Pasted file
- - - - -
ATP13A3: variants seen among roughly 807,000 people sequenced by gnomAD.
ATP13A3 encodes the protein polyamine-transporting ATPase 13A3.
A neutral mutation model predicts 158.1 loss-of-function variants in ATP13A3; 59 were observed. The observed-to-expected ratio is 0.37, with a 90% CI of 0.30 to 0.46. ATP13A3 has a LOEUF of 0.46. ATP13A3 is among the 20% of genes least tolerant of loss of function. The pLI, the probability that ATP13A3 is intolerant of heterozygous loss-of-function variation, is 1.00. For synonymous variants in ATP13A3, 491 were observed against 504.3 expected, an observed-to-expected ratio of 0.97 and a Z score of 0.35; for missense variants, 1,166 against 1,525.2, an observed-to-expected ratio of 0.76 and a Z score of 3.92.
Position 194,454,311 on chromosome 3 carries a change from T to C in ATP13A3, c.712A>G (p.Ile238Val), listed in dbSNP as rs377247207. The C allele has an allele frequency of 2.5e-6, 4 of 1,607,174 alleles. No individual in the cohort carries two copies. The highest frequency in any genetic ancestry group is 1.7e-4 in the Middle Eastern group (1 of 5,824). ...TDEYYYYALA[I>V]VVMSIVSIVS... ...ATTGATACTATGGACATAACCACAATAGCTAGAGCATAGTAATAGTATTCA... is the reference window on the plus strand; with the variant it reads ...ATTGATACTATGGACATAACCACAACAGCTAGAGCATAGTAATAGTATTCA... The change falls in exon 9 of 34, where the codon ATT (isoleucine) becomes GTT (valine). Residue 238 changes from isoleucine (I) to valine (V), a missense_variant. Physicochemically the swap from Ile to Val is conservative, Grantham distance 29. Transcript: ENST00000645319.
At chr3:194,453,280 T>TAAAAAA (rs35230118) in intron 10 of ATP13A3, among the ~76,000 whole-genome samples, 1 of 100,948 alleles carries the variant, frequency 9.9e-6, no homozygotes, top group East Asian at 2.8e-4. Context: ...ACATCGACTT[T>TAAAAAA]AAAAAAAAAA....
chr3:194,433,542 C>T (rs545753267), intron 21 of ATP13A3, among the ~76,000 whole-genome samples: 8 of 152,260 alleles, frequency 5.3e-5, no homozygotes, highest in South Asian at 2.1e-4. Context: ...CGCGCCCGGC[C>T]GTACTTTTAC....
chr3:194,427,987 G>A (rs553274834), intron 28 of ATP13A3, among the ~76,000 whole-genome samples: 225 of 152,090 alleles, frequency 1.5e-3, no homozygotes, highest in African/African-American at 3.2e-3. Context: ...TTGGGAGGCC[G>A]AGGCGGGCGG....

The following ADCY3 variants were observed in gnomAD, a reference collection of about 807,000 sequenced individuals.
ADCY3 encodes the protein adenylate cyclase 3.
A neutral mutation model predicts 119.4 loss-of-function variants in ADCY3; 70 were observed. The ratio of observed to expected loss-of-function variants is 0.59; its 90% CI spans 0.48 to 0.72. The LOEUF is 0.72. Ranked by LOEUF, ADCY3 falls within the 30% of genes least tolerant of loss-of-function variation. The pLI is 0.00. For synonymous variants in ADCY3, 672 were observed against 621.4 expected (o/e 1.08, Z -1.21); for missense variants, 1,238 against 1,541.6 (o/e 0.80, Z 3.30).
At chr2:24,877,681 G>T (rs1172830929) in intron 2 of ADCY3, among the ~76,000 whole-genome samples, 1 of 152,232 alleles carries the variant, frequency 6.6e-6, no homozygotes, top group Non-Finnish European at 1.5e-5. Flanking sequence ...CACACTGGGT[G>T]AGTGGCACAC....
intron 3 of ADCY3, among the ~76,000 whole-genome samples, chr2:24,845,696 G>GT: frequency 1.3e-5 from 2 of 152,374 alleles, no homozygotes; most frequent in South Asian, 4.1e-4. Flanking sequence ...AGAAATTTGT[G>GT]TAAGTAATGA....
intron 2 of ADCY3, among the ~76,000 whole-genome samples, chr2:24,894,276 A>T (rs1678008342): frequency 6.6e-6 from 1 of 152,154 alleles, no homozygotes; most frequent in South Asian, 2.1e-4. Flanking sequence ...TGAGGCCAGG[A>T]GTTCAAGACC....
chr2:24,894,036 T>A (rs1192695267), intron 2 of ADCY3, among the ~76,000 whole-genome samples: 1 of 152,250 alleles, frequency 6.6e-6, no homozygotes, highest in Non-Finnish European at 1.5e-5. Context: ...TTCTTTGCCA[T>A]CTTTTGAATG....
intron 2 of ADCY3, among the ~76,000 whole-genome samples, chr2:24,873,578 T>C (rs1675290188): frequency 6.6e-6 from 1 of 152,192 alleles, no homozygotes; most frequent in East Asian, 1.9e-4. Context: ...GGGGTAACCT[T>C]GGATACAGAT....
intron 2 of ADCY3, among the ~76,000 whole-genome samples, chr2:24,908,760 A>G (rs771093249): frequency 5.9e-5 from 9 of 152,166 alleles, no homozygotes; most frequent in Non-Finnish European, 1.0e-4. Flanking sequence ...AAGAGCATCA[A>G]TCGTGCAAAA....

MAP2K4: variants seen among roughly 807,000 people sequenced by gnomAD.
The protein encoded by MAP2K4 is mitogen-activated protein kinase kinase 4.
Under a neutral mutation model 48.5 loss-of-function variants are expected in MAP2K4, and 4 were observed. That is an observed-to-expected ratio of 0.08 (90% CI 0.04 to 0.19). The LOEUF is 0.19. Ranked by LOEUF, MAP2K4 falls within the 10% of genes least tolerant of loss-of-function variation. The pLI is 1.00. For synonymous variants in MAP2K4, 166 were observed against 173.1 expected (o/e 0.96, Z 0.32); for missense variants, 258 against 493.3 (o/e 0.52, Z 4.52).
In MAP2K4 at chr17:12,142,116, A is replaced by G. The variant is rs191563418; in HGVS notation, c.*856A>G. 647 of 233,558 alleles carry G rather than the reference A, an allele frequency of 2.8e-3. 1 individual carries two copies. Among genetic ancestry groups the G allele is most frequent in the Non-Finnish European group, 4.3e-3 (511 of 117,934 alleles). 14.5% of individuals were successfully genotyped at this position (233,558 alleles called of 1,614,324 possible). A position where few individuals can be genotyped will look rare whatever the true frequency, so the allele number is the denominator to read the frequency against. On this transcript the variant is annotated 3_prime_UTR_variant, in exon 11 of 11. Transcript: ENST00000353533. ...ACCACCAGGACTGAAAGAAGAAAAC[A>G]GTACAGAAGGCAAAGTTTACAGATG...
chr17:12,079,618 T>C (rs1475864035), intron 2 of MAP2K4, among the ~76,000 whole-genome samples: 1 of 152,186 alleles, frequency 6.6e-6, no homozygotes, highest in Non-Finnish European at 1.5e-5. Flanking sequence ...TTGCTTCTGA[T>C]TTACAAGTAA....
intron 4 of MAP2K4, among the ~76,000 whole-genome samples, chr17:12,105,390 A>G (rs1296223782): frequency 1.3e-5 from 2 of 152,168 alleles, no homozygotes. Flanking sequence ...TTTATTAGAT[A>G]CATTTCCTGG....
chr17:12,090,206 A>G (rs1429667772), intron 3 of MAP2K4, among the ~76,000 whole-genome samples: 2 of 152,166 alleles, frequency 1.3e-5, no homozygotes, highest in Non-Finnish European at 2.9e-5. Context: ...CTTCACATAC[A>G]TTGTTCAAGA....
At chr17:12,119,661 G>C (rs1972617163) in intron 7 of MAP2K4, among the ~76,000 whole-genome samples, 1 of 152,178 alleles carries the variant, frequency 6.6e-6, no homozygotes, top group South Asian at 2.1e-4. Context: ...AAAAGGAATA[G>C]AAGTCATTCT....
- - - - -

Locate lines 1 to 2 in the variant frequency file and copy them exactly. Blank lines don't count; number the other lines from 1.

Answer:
ATP13A3: variants seen among roughly 807,000 people sequenced by gnomAD.
ATP13A3 encodes the protein polyamine-transporting ATPase 13A3.